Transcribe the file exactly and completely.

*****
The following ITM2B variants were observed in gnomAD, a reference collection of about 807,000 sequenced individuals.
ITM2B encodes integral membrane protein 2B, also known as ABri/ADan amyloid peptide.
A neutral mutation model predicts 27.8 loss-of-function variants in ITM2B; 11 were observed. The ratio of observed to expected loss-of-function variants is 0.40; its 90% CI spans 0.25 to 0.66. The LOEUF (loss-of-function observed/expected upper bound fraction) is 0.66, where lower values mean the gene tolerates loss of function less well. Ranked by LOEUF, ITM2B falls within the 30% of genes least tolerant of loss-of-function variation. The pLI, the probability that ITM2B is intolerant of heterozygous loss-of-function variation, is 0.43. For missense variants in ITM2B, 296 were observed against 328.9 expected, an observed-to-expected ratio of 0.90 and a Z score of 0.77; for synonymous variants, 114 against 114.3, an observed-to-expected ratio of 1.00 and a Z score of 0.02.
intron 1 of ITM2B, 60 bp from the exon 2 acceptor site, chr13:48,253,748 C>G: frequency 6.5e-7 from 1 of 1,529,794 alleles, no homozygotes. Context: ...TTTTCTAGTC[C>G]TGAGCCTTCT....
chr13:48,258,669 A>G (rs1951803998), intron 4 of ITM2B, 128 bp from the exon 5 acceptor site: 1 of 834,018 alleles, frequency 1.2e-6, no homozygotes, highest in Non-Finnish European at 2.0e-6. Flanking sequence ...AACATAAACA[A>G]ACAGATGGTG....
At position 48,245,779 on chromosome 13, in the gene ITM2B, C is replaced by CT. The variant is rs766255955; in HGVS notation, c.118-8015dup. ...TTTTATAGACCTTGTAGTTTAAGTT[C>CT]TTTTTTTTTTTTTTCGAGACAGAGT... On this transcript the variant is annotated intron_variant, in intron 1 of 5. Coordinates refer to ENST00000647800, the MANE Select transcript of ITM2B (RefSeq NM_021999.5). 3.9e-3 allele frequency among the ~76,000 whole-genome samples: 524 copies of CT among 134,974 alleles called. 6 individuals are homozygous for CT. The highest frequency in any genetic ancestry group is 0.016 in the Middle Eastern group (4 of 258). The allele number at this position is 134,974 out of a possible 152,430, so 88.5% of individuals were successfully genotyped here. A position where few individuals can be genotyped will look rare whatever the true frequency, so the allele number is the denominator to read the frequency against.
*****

The following ITM2B variants were observed in gnomAD, a reference collection of about 807,000 sequenced individuals.
ITM2B encodes integral membrane protein 2B, also known as ABri/ADan amyloid peptide.
A neutral mutation model predicts 27.8 loss-of-function variants in ITM2B; 11 were observed. The ratio of observed to expected loss-of-function variants is 0.40; its 90% CI spans 0.25 to 0.66. The LOEUF (loss-of-function observed/expected upper bound fraction) is 0.66, where lower values mean the gene tolerates loss of function less well. Ranked by LOEUF, ITM2B falls within the 30% of genes least tolerant of loss-of-function variation. The pLI, the probability that ITM2B is intolerant of heterozygous loss-of-function variation, is 0.43. For missense variants in ITM2B, 296 were observed against 328.9 expected, an observed-to-expected ratio of 0.90 and a Z score of 0.77; for synonymous variants, 114 against 114.3, an observed-to-expected ratio of 1.00 and a Z score of 0.02.
intron 1 of ITM2B, 60 bp from the exon 2 acceptor site, chr13:48,253,748 C>G: frequency 6.5e-7 from 1 of 1,529,794 alleles, no homozygotes. Context: ...TTTTCTAGTC[C>G]TGAGCCTTCT....
chr13:48,258,669 A>G (rs1951803998), intron 4 of ITM2B, 128 bp from the exon 5 acceptor site: 1 of 834,018 alleles, frequency 1.2e-6, no homozygotes, highest in Non-Finnish European at 2.0e-6. Flanking sequence ...AACATAAACA[A>G]ACAGATGGTG....
At position 48,245,779 on chromosome 13, in the gene ITM2B, C is replaced by CT. The variant is rs766255955; in HGVS notation, c.118-8015dup. ...TTTTATAGACCTTGTAGTTTAAGTT[C>CT]TTTTTTTTTTTTTTCGAGACAGAGT... On this transcript the variant is annotated intron_variant, in intron 1 of 5. Coordinates refer to ENST00000647800, the MANE Select transcript of ITM2B (RefSeq NM_021999.5). 3.9e-3 allele frequency among the ~76,000 whole-genome samples: 524 copies of CT among 134,974 alleles called. 6 individuals are homozygous for CT. The highest frequency in any genetic ancestry group is 0.016 in the Middle Eastern group (4 of 258). The allele number at this position is 134,974 out of a possible 152,430, so 88.5% of individuals were successfully genotyped here. A position where few individuals can be genotyped will look rare whatever the true frequency, so the allele number is the denominator to read the frequency against.